Bill Protects Employees Impacted By Emergency Weather Conditions

On March 17, 2014, a bill (S1717) was introduced that would prohibit an employer from taking adverse action against an employee because he or she is not working due to a declared state of emergency (by the Governor or municipal emergency management coordinator). It also would prohibit employers from requiring employees to use their accrued paid or unpaid leave for such time. Employers that violate this new law would be subjected to a civil penalty of up to $5,000 for the first violation, and up to $10,000 for the second violation; there is no private cause of action for violations. Employees absent due to a state of emergency would need to make every effort to notify their employers about their absence, and would be required to return to work as soon as possible (i.e., no later than the first scheduled shift or hour after the state of emergency is rescinded, accounting for travel time).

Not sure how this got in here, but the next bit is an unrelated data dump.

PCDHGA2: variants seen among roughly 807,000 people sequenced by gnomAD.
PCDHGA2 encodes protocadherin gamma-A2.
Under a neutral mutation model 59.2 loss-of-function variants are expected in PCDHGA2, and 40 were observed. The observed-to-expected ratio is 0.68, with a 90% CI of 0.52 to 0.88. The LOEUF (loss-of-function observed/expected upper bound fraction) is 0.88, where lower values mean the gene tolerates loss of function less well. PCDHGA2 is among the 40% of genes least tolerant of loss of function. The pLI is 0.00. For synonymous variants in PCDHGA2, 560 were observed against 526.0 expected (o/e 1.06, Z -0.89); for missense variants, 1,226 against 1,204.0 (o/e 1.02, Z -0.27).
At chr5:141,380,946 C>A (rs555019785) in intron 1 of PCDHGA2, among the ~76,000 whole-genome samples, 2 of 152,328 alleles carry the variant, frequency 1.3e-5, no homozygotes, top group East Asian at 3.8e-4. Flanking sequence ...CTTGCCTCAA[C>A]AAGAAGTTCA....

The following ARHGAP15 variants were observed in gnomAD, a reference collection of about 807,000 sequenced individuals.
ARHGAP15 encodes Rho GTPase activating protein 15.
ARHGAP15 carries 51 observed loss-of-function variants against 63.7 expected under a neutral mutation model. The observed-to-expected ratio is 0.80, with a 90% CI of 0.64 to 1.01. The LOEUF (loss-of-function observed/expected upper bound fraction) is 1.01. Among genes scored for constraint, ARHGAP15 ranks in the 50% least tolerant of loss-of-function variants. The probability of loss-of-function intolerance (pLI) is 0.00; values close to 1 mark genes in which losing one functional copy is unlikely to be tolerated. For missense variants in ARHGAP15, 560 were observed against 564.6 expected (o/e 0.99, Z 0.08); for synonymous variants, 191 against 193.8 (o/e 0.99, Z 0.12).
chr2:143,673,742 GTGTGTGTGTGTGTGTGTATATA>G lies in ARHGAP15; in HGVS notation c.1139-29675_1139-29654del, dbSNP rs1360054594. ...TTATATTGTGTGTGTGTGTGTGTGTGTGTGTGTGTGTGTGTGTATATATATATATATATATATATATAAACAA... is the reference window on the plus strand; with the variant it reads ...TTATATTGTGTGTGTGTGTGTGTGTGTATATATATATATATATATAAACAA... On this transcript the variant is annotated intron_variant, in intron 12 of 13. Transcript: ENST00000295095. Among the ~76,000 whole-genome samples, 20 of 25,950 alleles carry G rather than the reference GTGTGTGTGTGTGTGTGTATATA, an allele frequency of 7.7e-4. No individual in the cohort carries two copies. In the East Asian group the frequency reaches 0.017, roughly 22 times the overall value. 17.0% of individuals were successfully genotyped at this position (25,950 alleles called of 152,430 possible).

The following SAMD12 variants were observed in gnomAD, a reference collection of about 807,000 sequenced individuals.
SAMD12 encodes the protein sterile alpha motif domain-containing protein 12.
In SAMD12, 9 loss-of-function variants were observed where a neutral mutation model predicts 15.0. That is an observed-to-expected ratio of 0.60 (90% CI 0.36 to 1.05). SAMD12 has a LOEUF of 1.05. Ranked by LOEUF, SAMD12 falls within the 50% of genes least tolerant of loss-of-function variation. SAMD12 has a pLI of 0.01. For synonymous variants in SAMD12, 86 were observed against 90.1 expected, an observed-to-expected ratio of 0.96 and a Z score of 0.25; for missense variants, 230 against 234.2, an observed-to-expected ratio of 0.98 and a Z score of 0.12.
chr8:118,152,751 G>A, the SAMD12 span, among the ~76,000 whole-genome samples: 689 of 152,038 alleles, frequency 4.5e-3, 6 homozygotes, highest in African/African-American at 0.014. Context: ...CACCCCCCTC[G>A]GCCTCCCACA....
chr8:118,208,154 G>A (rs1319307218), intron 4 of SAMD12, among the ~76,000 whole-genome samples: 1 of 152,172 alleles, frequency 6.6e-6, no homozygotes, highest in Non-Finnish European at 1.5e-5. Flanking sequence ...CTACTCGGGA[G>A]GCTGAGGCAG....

Note: This article was published in the March 2014 issue of the New Jersey eAuthority.

Topics:  Adverse Employment Action, Employee Rights, Severe Weather

Published In: Civil Rights Updates, Labor & Employment Updates

DISCLAIMER: Because of the generality of this update, the information provided herein may not be applicable in all situations and should not be acted upon without specific legal advice based on particular situations.

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